December 7, 2005


Asian, Western: Same, same? (Tawada Yoko, 12/08/05, Asia Times)

The Japanese do not like to talk about one "Asia". It sounds like Japanese imperialism. Asia is not one, and it is good that it isn't. There is neither a common religion nor a common political system, not even one common kind of rice. [...]

The term Western on the other hand contains an insidious concept. It tries to wrap up an ideology in a geographic packaging: whoever is in favor of democracy, freedom and individualism is considered Western in orientation.

The point of the West is that it is simply a group of interlocking ideas -- Grecco-Roman/Judeo-Christian in origin -- that culminate in liberal democratic, protestant, capitalist social arrangements premised on the God given dignity and free will of every individual who is in turn bound by God's moral laws. It is universally accessible and has nothing to do with geography or ethnicity. Not every nation in the West conforms to every element to Westernism to the same degree at all times, but it's easy enough to identify those that mostly do, mostly have, or are headed in a Western direction. Thus, Japan, Israel, India, Taiwan, the Philippines, and other geographically Asian nations are in fact becoming integral parts of the West.

However, various states of Europe, having destroyed the religio-cultural premises on which they were built, have drifted further and further away from Western norms. And over the past two centuries a trio of anti-Western ideologies --Marxism, Darwinism, and Freudianism -- have been especially successful in tempting folks away from Westernism. As a result, the 20th Century saw one long war between countries that were geographically Western but that pitted the West against experiments in Communism and National Socialism/Applied Darwinism occurring within Europe. While the ideologies are now pretty thoroughly discredited, little has been done to rescue these states from the corrosive effects of secularism, so it's questionable whether a place like France is even much a part of the West any more and, if we accept for the sake of argument that it is, whether it will remain one for long.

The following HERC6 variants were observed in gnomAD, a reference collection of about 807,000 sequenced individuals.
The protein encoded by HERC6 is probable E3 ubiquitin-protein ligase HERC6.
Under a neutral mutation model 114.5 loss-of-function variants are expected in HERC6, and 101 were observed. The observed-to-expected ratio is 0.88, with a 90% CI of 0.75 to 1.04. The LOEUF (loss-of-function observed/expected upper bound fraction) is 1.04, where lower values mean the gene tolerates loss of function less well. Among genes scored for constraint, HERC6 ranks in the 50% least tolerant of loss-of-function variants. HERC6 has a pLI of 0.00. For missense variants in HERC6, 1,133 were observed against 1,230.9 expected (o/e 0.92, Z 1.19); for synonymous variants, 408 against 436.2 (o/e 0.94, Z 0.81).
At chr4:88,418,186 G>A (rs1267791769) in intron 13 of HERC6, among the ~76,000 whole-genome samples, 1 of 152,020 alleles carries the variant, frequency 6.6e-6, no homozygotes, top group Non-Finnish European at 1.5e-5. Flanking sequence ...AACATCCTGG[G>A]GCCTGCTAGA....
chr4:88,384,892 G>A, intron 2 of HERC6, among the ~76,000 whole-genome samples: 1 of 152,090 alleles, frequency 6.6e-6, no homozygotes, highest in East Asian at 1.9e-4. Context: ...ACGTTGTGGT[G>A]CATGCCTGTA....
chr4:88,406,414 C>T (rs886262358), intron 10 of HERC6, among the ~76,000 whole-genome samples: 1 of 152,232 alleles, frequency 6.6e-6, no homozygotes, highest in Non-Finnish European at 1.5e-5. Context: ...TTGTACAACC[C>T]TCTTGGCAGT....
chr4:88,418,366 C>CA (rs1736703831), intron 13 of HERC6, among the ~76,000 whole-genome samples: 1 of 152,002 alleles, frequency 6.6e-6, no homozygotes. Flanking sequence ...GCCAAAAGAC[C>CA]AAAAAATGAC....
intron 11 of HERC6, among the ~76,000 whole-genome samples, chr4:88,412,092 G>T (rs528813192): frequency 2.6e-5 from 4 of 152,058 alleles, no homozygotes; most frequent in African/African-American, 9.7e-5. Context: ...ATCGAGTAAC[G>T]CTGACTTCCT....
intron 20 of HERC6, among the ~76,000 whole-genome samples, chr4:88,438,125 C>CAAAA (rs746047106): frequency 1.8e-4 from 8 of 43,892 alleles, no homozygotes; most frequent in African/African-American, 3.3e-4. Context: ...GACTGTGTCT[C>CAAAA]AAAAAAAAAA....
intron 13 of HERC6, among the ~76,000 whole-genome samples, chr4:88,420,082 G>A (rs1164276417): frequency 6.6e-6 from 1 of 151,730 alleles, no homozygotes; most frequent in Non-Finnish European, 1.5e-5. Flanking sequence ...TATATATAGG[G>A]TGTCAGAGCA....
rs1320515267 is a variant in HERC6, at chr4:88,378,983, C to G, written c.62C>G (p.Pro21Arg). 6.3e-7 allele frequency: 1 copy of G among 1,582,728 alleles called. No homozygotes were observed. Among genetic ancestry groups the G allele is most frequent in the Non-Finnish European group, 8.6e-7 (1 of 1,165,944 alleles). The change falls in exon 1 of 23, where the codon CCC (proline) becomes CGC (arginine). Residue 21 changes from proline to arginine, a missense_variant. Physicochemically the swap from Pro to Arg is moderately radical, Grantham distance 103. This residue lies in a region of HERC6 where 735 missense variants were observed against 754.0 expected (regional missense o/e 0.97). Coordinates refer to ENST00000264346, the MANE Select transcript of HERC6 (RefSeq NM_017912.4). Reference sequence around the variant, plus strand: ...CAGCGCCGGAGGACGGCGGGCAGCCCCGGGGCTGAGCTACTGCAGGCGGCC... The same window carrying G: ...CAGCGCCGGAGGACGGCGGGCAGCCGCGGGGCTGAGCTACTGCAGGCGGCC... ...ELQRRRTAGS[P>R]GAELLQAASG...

Asia is, of course, quite rapidly headed towards having just one political and economic system--democracy and capitalism--though there will be variants within those norms. Whether its states choose to become fully Western -- accepting Abrahamic monotheism and the corresponding morality -- will determine whether they thrive, like most of the Anglospheric world, or decline comfortably, like secular continental Europe and Japan.

Find a nation's spot on this chart and you can see how well it balances morality and freedom

Posted by Orrin Judd at December 7, 2005 7:48 AM

According to the chart, you must really hate all those nations in Eastern Europe who are neither moral nor free. France is much closer to the US than they are. Canada is closer to the US than Britain. So why are you always so down on France and Canada? The chart says they aren't so bad.

Posted by: Anon at December 7, 2005 9:55 AM


Yes, the European nations that we abandoned to Stalin had a long waty to go to liberalize their economics and politics to Western norms. They'll catch up quickly though. Whether their churches will come back from the damage is a more difficult and important questions.

Posted by: oj at December 7, 2005 10:30 AM

OJ Eastern Europeans are more secular and have fewer babies than Western Europeans. They won't catch up at all, they'll die faster.

Looking at the chart again, why aren't you praising Vietnam instead of Poland?

Posted by: Anon at December 7, 2005 10:40 AM


Less secular but they do have too few babies. They have a lot of work to do if they're to survive.

Posted by: oj at December 7, 2005 11:29 AM